Phishing is a business, and business is booming.
To make phishing campaigns more efficient, attackers will often reuse their phishing sites across multiple hosts by bundling the site resources into a phishing kit. These kits are uploaded to a (typically compromised) host, the files in the kit are extracted, and phishing emails are sent pointing to the new phishing site. Sometimes, however, the attackers get lazy and leave the phishing kits behind, allowing anyone—including security researchers—to download them.
In a technical paper released today, Duo Labs details the results of a month-long experiment in which we hunted and analyzed over 3,200 unique phishing kits. In addition to the technical paper, we’re open-sourcing the code we wrote to track down the phishing kits.
What We Found
Over the course of a month, using community-driven URL feeds from Phishtank and OpenPhish, we found 3,200 unique phishing kits across 66,000 URLs. A high-level summary of our analysis is summarized below:
We found many phishing kits designed to evade detection through the use of
.htaccessfiles and PHP scripts that block connections from threat intelligence companies based on attributes like the source IP address ranges, the HTTP referrer or the user-agent header.
We parsed each phishing kit for email addresses indicating both where the credentials are being sent as well as who may have originally created the phishing kit. We tracked individual attackers across multiple phishing campaigns, including one actor whose email address was found in over 115 unique phishing kits.
We tracked unique phishing kits across multiple hosts. We found multiple kits that were seen on as many as 30 different hosts, indicating actors launching multiple phishing campaigns with the same kit.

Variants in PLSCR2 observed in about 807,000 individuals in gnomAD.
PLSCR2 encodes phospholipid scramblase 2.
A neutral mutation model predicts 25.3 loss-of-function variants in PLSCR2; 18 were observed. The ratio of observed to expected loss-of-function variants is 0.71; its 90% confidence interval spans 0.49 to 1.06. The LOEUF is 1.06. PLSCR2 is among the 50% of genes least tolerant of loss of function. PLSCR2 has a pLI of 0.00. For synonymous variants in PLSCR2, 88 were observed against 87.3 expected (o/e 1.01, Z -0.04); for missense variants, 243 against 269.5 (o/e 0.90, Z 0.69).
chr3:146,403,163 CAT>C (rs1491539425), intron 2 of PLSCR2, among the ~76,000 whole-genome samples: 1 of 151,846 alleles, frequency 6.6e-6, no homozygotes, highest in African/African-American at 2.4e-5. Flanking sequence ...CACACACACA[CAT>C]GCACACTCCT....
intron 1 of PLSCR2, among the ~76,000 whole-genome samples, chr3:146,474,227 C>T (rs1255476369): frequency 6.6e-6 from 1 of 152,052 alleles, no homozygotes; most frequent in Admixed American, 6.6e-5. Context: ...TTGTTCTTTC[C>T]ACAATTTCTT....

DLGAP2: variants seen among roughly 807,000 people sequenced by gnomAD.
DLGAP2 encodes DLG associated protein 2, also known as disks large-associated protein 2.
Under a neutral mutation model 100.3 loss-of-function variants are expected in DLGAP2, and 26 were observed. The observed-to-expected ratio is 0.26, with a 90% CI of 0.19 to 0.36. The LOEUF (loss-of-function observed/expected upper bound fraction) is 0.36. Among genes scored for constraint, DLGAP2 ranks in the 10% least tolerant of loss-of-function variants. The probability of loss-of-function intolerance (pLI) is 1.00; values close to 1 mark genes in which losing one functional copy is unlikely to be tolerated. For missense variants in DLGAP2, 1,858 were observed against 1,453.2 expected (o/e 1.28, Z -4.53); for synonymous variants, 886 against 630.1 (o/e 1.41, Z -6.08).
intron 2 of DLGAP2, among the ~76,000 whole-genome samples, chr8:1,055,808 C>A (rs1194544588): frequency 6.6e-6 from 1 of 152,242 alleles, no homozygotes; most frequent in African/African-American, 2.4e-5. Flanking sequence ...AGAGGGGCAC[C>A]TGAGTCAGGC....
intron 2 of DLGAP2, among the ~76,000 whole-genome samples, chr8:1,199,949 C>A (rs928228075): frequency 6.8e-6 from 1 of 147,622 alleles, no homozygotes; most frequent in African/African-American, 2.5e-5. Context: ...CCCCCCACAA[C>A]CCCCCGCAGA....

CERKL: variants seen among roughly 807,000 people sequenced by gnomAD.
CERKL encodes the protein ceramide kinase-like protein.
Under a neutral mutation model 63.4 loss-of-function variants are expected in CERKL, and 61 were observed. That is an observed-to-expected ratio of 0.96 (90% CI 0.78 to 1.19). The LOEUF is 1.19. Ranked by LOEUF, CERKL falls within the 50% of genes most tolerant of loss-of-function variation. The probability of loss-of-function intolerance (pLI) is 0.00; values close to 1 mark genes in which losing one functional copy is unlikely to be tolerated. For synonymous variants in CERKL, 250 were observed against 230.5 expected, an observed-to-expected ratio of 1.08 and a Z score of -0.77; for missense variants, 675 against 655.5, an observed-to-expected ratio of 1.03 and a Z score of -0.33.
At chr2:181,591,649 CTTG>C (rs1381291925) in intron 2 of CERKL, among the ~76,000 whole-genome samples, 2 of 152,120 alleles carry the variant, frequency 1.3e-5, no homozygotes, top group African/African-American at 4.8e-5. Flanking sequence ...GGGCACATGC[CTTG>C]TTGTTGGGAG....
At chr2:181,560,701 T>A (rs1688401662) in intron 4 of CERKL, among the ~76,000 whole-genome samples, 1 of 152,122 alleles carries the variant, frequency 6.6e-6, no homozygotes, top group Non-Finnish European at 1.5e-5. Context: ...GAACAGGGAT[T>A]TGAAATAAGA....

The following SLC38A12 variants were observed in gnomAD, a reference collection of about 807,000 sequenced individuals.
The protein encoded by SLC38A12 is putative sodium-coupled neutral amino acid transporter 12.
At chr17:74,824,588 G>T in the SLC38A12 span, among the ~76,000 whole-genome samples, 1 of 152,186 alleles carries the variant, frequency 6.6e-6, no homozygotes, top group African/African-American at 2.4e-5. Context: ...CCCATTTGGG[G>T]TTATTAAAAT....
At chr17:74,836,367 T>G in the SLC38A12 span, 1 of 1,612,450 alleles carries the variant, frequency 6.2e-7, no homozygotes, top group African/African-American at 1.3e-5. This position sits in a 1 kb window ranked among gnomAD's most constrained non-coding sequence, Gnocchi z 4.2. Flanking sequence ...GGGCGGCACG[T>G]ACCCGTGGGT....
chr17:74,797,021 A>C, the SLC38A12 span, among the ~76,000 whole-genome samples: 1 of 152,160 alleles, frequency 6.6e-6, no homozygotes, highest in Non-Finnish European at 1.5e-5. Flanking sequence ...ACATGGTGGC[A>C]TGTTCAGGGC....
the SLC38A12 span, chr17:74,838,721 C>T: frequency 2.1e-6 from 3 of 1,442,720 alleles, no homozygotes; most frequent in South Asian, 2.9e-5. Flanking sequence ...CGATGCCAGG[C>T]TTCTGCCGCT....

We identified over 200 instances of backdoored phishing kits. This shows that attackers who are selling or distributing these phishing kits to other criminals are actively backdooring them to give themselves access to the compromised hosts. Clearly there's no honor among thieves!
Our analysis revealed that phishing kits were most commonly found on compromised sites running Wordpress, and 16% of the time they were found on sites being served over HTTPS.
Get the Paper
This blog post only scratches the surface of the research we performed. Our technical paper Phish in a Barrel: Hunting and Analyzing Phishing Kits at Scale provides the full detail of the experiment, showing how we found, stored and analyzed phishing kits at scale.
The goal of our research is to offer a glimpse into the methods and tools attackers use to make their operations efficient. As part of these results, we’re open-sourcing the code we used to collect phishing kits. You can find the code on Github.
As a security practitioner, you can use the same techniques we describe in the technical paper to track down phishing kits targeting your organization, as well as to determine what information is being stolen and where the information is being sent.
We’d like to thank both OpenDNS (operators of Phishtank) and OpenPhish for their excellent community-driven feeds. This work wouldn’t be possible without the great services they provide to the security industry.
It’s important to note that all of the phishing kits we analyzed aimed to steal credentials for later reuse. One of the best things defenders can do to reduce the impact of stolen credentials is to set up multi-factor authentication (MFA) for every external-facing application used by your organization. Additionally, you can use the free Duo Insight phishing tool to test your organization’s exposure to phishing attacks.